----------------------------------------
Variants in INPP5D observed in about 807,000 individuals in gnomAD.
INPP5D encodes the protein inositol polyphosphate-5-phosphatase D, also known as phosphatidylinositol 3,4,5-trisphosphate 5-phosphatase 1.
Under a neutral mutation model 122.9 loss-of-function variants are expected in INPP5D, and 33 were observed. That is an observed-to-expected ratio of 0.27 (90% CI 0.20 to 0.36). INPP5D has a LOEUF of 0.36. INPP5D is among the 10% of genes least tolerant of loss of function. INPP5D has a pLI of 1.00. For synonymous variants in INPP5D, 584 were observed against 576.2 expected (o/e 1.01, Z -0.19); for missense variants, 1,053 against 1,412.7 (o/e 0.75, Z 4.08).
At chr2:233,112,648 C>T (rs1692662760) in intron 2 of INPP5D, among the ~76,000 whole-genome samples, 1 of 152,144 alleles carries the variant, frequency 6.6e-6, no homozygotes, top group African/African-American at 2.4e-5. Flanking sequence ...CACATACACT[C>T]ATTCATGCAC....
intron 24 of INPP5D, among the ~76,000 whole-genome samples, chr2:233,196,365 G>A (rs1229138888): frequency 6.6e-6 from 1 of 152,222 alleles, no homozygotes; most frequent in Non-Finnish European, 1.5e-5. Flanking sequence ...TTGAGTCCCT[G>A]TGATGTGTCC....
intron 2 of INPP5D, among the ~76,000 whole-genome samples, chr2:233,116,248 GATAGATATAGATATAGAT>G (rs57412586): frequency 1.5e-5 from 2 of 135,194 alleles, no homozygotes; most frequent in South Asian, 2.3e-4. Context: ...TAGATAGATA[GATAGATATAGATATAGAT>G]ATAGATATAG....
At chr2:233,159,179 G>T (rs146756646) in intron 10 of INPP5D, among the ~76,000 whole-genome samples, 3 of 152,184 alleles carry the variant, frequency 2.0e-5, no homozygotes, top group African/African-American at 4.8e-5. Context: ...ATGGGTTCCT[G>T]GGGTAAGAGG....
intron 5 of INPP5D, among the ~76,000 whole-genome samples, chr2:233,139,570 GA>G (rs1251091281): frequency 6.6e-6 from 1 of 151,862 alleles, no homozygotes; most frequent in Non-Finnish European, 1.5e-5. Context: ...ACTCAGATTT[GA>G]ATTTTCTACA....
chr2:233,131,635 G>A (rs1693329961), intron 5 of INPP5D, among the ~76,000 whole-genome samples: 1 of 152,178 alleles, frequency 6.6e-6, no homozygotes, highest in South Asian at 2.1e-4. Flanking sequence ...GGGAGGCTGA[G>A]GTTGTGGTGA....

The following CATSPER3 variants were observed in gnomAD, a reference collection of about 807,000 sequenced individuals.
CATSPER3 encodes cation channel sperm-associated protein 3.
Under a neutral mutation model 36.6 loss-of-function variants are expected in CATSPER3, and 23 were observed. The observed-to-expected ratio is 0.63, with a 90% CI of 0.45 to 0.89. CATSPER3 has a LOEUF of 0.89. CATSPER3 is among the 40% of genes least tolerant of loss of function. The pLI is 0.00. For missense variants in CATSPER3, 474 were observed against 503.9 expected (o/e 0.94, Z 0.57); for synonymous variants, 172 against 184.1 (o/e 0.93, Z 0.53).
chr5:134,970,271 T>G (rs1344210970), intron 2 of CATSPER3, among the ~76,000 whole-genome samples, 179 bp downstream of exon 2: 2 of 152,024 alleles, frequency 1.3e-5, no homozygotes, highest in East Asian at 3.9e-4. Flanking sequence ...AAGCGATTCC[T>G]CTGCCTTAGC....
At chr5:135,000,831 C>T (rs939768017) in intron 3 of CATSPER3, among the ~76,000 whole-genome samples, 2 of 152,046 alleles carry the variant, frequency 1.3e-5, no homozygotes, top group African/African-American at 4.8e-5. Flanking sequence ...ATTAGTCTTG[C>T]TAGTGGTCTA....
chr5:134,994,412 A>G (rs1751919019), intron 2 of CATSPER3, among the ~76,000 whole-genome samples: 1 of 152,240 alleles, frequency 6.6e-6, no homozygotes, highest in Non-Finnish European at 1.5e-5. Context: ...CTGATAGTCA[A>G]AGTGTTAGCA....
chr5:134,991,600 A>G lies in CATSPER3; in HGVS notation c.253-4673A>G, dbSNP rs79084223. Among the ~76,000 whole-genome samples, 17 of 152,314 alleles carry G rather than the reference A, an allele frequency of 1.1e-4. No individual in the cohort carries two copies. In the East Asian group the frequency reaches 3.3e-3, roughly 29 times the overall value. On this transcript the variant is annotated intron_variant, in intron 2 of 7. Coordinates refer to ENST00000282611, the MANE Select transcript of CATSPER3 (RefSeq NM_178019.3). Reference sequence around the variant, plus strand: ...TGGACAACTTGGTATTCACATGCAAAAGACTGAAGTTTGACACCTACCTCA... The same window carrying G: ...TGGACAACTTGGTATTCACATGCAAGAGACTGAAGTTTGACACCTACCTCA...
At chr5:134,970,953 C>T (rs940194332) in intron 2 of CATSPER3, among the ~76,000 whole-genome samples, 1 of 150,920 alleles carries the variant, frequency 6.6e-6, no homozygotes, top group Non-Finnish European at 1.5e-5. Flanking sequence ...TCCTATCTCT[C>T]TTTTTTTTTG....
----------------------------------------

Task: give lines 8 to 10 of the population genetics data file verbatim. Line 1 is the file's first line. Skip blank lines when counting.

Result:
intron 5 of INPP5D, among the ~76,000 whole-genome samples, chr2:233,139,570 GA>G (rs1251091281): frequency 6.6e-6 from 1 of 151,862 alleles, no homozygotes; most frequent in Non-Finnish European, 1.5e-5. Context: ...ACTCAGATTT[GA>G]ATTTTCTACA....
chr2:233,131,635 G>A (rs1693329961), intron 5 of INPP5D, among the ~76,000 whole-genome samples: 1 of 152,178 alleles, frequency 6.6e-6, no homozygotes, highest in South Asian at 2.1e-4. Flanking sequence ...GGGAGGCTGA[G>A]GTTGTGGTGA....

The following CATSPER3 variants were observed in gnomAD, a reference collection of about 807,000 sequenced individuals.